Terms and conditions of an E-2 visa

The USCIS determines the terms and conditions of E-2 treaty status at the time of admission or approval of a request to change nonimmigrant status to E classification. A treaty investor or treaty employee may engage in only in employment which is consistent with the terms and conditions of his or her status and the activity forming the basis for the E treaty status.

(1) Subsidiary employment. Treaty employees may perform work for the parent treaty organization or enterprise, or any subsidiary of the parent organization or enterprise. Performing work for subsidiaries of a common parent enterprise or organization will not be deemed to constitute a substantive change in the terms and conditions of the underlying E treaty employment if, at the time the E treaty status was determined, the applicant presented evidence establishing:

(A) The enterprise or organization, and any subsidiaries thereof, where the work will be performed; the requisite parent-subsidiary relationship; and that the subsidiary independently qualifies as a treaty organization or enterprise under this paragraph;

(B) In the case of an employee of a treaty trader or treaty investor, the work to be performed requires executive, supervisory, or essential skills; and

(C) The work is consistent with the terms and conditions of the activity forming the basis of the
E classification.

(2) Substantive changes. Where there will be a substantive change in the terms or conditions of E status, USCIS approval must be obtained. A treaty alien must file a new application on Form I-129 and E supplement, in accordance with the instructions on that form, requesting extension of stay in the United States.

In support of an alien's Form I-129 application, the treaty alien must submit evidence of continued eligibility for E-2 visa in the new capacity. Alternatively, the alien must obtain from a consular officer a visa reflecting the new terms and conditions and subsequently apply for admission at a port-of-entry. A fundamental change in the employing entity's basic characteristics, such as a merger, acquisition, or sale of the division where the alien is employed, would be deemed substantial change which necessitating filing a new Form I-129 application.

(3) Non-substantive changes. If there is no substantive or fundamental change in the terms or conditions of the alien's employment that would affect the alien's eligibility for E classification, there is no need to file a new Form I-129. Further, prior approval is not required if corporate changes occur which do not affect the previously approved employment relationship, or are otherwise non-substantive.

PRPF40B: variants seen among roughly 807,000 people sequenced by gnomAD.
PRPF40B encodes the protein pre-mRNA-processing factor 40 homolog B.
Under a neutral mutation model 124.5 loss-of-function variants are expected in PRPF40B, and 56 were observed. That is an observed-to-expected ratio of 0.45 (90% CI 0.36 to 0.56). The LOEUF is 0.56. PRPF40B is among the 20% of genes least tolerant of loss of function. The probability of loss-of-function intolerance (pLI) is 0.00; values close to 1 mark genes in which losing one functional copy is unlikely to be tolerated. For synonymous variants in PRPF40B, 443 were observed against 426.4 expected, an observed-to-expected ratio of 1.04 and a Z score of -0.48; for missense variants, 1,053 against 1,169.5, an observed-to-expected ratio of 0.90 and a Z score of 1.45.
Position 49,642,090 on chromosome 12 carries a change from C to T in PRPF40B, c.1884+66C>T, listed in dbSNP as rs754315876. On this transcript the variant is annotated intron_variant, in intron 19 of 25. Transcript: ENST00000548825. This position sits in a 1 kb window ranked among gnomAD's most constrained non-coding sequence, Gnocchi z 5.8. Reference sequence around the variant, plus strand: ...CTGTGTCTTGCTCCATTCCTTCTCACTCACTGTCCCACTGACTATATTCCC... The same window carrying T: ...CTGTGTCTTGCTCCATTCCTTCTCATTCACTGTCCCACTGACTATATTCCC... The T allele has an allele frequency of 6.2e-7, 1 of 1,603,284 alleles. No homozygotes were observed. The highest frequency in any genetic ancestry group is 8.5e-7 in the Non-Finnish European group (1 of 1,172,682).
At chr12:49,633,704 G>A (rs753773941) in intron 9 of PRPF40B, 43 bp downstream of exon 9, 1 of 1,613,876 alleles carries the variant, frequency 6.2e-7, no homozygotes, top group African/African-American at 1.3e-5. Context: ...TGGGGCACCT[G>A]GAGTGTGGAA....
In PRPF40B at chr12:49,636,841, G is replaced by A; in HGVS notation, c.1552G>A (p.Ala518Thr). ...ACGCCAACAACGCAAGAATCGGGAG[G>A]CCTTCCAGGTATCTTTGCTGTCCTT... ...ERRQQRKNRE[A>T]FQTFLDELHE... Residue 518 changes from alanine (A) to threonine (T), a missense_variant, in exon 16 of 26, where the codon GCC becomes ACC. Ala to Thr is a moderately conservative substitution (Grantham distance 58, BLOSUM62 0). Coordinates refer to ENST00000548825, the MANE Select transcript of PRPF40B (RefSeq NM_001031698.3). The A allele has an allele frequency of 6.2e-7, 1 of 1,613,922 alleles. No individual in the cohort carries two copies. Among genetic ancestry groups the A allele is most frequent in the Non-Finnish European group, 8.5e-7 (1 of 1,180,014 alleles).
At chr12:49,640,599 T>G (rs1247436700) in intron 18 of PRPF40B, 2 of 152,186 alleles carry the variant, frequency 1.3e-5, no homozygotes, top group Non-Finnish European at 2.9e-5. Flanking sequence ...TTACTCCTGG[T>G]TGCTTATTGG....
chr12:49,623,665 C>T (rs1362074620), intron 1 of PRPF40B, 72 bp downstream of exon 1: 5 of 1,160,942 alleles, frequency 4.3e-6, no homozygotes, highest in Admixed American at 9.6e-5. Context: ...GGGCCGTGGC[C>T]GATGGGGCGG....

To facilitate admission, the alien may:

(A) Present a letter from the treaty-qualifying company through which the alien attained E classification explaining the nature of the change;

(B) Request a new Form I-797, Approval Notice, reflecting the non-substantive change by filing with the appropriate Service Center Form I-129, with fee, and a complete description of the change, or;

(C) Apply directly to the U.S. State Department for a new E visa reflecting the change. An alien who does not elect one of the three options may have to demonstrate to the satisfaction of the immigration officer at the port-of-entry his or her admissibility.

Advice. To ascertain whether a change is substantive, an alien may file Form I-129, with fee, and a complete description of the change, to request appropriate advice. In cases involving multiple employees, an alien may request that a USCIS service center determine if a merger or other corporate restructuring requires the filing of separate applications by filing a single Form I-129, with fee, and attaching a list of the related receipt numbers for the employees involved and an explanation of the change or changes. Where employees are located within multiple jurisdictions, such a request for advice must be filed with the service center in Lincoln, Nebraska.

For more information on the E-2 category, please click one of the following links:
Duration of E-2 visa, Stay and Extension
Visa Re-issuance
Terms and conditions of an E-2 visa
Family Benefits
U.S. Port of Entry
Change to E-2 classification in the United States
USCIS Processing Time
The timescale for us to prepare for an E-2 application
Attorney fee
Change to Other Non-immigrant Status
Frequently Asked Questions About E-2 Visa

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